Television, especially in the early 1960s, brought children dreams. For most of us, it was a time of big wooden black-and-white consoles that were more furniture than electronics (color television existed, but the price was beyond most parents' reach), Bakelite-based rabbit-ear aerials that helped you pull in your local channels, three television networks plus some independent channels that pretty much ran old movies and black-and-white reruns all day long. And there was no watching your own program in a corner on a small, portable screen; the theater was right in your living room, and you gathered around it the way our ancestors gathered about a fire, to laugh or gasp or cry or hold on with tense fingers. Kids clad in footie pajamas curled on overstuffed sofas, or sprawled on the carpet, or sat on a newfangled stuffed animal called a "TV dog" to watch a favorite program with the rest of the family, softly lamplit with incandescent fire, surrounded by the trappings of the era: patterned wallpaper, corniced windows, layered curtains, Venetian blinds or green roller shades with pull cords, stolid furniture on the floor and shadow boxes filled with knicknacks on the wall.
Fueled by monochrome shadows, we imagined being so many things in our outdoor play: cowboys or astronauts, explorers or spies, superheroes or policemen. And, as we knew from Roy Rogers and Gene Autry and Gail Davis (TV's Annie Oakley), every good hero had a sidekick or a best buddy. This could be a human being, but often our childhood buddies were cartoon critters (Yogi Bear and Huckleberry Hound, Ruff and Ready, and Rocky and Bullwinkle) or live-action animals (Lassie, Rin Tin Tin, Fury, Flicka, Yukon King, Roy Rogers' "wonder dog" Bullet and "golden palomino" Trigger, London the "littlest hobo," Gene Autry's Champion, and Velvet Brown's King). I loved them all, but for all the galloping free or the romance of Rusty and Rinty on the range, it was Lassie who was special.
I can't even conceive of life before Lassie; it seemed as if I had never not watched the series. My earliest memory of television is Lassie, framed in a hulking box of a fifties' television set, polished dark wooden exterior, a fifteen-inch-screen topping a square of brocaded cloth that covered the speaker, with hard black plastic knobs to change the channels and adjust the volume, and deal with the dreaded "vertical roll" and "horizontal hold," on a very snowy station almost out of rabbit-ear range. With digital TV you don't see "snow" anymore; you either get the station or you don't, but back then if you were desperate enough to watch a certain program, you could attempt concentration beyond the pale picture shot with interference and the crackly sound (if any sound at all). While what I was watching "officially" on Sunday nights on CBS was first-runwhat year? who knows? I saw "Lassie's Odyssey" first run, and that was broadcast two months after my sixth birthday; I was a fan much earlier than thatwhat I had seen amidst the electronic snow were reruns of earlier episodes. I was so young (and the picture/sound so bad) that I didn't realize those stories didn't feature Timmy, and I only "twigged" when, during supper one evening when I was about eleven years old, I told my parents I was going to write stories about Lassie and Timmy when I grew up. They very gently told me about this thing called "copyright," since neither had a notion of anything called "fanfiction." Mom then casually commented that there had been another boy on Lassie before Timmy.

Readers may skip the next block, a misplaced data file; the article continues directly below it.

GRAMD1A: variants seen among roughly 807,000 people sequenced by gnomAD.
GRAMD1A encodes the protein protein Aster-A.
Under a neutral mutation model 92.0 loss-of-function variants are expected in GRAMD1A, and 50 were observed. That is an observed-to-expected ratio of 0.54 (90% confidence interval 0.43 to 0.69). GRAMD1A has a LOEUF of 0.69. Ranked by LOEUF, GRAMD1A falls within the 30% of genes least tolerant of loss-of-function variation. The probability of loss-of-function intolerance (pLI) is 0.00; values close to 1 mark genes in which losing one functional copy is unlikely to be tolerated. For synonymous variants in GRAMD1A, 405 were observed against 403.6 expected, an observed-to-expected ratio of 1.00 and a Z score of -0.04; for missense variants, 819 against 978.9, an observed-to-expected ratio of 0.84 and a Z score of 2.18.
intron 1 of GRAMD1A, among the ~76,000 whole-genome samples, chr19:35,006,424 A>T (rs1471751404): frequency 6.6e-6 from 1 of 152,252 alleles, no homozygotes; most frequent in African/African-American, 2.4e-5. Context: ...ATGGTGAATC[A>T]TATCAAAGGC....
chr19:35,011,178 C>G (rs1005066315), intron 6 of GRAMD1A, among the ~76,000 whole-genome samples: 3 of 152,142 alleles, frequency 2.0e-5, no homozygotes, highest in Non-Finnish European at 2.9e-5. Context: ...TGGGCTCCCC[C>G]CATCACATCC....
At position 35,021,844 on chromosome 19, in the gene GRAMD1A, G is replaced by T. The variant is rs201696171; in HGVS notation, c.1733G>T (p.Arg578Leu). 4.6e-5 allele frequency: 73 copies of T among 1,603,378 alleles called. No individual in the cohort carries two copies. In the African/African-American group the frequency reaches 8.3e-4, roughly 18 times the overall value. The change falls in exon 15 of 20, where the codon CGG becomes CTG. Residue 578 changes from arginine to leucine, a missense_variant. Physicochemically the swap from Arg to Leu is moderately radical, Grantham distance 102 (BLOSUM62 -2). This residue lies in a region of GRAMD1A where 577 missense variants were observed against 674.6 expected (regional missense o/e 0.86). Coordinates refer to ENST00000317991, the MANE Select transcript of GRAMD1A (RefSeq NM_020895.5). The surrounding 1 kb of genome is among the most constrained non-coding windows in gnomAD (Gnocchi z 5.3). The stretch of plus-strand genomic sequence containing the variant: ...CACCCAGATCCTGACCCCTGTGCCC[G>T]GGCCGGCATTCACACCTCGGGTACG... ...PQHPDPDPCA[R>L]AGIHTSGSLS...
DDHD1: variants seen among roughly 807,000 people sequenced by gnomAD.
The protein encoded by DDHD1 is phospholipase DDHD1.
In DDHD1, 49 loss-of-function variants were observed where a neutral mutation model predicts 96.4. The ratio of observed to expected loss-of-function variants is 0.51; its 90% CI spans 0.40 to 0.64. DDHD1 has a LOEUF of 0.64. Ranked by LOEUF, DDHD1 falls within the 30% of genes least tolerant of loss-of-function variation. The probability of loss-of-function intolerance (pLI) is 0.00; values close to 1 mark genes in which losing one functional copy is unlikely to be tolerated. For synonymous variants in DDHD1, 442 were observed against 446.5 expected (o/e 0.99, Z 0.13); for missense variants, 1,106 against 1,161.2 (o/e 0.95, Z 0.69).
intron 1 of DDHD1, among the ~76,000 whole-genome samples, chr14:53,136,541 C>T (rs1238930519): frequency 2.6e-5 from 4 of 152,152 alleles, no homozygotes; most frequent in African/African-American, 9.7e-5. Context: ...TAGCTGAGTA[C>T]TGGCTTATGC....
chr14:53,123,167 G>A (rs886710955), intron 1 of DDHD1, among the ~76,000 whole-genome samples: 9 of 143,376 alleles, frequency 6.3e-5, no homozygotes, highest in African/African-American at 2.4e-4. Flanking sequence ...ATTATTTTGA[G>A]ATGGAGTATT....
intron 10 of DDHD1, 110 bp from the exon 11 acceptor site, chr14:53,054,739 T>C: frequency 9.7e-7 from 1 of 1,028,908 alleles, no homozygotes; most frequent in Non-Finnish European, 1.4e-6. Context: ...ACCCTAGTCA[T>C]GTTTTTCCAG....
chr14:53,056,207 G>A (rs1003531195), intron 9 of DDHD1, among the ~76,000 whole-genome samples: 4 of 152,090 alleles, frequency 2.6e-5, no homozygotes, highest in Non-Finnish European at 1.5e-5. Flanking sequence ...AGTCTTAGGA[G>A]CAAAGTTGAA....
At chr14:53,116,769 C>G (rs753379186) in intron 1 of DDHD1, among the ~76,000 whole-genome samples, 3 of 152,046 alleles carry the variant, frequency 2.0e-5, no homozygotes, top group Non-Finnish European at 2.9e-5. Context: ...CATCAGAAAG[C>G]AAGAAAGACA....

It suddenly made sense of a years' long mystery. The first-run CBS stories I was now watching had Corey Stuart as Lassie's new master, but I was faithfully keeping up with old Timmy and Lassie stories in the afternoon rerun slot, and two Lassie scenes I had embedded in my mind never turned up in the reruns. One was of Lassie and "Timmy" walking down into a field of sheep, and the other was a scene from a story practically branded in my mind: Lassie on trial for biting someone! They were threatening to put her to sleep! And then a miracle!the defense attorney tosses her the judge's gavel to catch and proves that the teeth marks on the handle did not match the bite marks on the person's leg! "Timmy" in the sheep scene of course was Jeff, and the gavel scene came from from "The Trial." Not until my high school years did a local station start re-broadcasting the Jeff episodes again so that the fragments made sense.
Since Lassie-love knew no bounds, I found other ways to work the collie into my life. One of my first stuffed dogs was named "Little Lassie," despite the fact it was a poodle. Most of the Lassie-branded items were over the family budget, but thank heavens for those 25¢ Whitman book "Authorized Editions," so I could read more Lassie adventures. One of my most cherished possessions was a thin children's picture book, Lassie's Brave Adventure, that had left another image burned upon my brain, one of Lassie high up on a wooden railroad trestle rescuing a colt whose hoof was caught in the tracks. Pens and Crayolas supplied endless drawings of Lassie and as soon as my fingers were able to take pen to paper in a coherent manner, those Lassie stories I swore I'd write were begun. Those newfangled cassette recorders were just a way to record your favorite Lassie episode off the television.